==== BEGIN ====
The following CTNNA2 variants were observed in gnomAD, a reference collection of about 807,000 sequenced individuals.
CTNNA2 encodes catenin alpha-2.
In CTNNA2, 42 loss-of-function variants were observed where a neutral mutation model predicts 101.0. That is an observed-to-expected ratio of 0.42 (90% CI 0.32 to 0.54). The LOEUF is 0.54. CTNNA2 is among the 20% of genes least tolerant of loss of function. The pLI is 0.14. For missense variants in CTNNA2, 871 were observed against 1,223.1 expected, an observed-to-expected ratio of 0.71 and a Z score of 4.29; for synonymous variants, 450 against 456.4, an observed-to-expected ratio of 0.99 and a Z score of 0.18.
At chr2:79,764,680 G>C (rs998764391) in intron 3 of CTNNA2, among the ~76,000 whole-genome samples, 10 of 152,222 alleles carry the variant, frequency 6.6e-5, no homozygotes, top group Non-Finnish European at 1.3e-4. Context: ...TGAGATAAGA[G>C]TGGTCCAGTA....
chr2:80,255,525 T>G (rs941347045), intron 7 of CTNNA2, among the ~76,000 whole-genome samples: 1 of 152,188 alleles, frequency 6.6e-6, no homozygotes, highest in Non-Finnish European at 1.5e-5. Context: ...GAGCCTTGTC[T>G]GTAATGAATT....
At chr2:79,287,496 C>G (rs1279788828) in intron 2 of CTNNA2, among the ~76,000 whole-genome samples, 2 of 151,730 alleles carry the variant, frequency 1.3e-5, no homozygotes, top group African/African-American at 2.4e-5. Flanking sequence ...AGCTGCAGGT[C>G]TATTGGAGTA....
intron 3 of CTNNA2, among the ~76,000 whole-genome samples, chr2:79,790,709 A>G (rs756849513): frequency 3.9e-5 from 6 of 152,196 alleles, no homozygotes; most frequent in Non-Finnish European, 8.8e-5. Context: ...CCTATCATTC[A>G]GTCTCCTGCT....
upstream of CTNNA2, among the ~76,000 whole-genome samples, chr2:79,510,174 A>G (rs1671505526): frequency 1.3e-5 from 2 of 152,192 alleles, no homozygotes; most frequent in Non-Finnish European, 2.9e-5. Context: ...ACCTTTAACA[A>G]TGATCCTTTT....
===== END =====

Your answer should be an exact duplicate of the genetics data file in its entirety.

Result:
The following CTNNA2 variants were observed in gnomAD, a reference collection of about 807,000 sequenced individuals.
CTNNA2 encodes catenin alpha-2.
In CTNNA2, 42 loss-of-function variants were observed where a neutral mutation model predicts 101.0. That is an observed-to-expected ratio of 0.42 (90% CI 0.32 to 0.54). The LOEUF is 0.54. CTNNA2 is among the 20% of genes least tolerant of loss of function. The pLI is 0.14. For missense variants in CTNNA2, 871 were observed against 1,223.1 expected, an observed-to-expected ratio of 0.71 and a Z score of 4.29; for synonymous variants, 450 against 456.4, an observed-to-expected ratio of 0.99 and a Z score of 0.18.
At chr2:79,764,680 G>C (rs998764391) in intron 3 of CTNNA2, among the ~76,000 whole-genome samples, 10 of 152,222 alleles carry the variant, frequency 6.6e-5, no homozygotes, top group Non-Finnish European at 1.3e-4. Context: ...TGAGATAAGA[G>C]TGGTCCAGTA....
chr2:80,255,525 T>G (rs941347045), intron 7 of CTNNA2, among the ~76,000 whole-genome samples: 1 of 152,188 alleles, frequency 6.6e-6, no homozygotes, highest in Non-Finnish European at 1.5e-5. Context: ...GAGCCTTGTC[T>G]GTAATGAATT....
At chr2:79,287,496 C>G (rs1279788828) in intron 2 of CTNNA2, among the ~76,000 whole-genome samples, 2 of 151,730 alleles carry the variant, frequency 1.3e-5, no homozygotes, top group African/African-American at 2.4e-5. Flanking sequence ...AGCTGCAGGT[C>G]TATTGGAGTA....
intron 3 of CTNNA2, among the ~76,000 whole-genome samples, chr2:79,790,709 A>G (rs756849513): frequency 3.9e-5 from 6 of 152,196 alleles, no homozygotes; most frequent in Non-Finnish European, 8.8e-5. Context: ...CCTATCATTC[A>G]GTCTCCTGCT....
upstream of CTNNA2, among the ~76,000 whole-genome samples, chr2:79,510,174 A>G (rs1671505526): frequency 1.3e-5 from 2 of 152,192 alleles, no homozygotes; most frequent in Non-Finnish European, 2.9e-5. Context: ...ACCTTTAACA[A>G]TGATCCTTTT....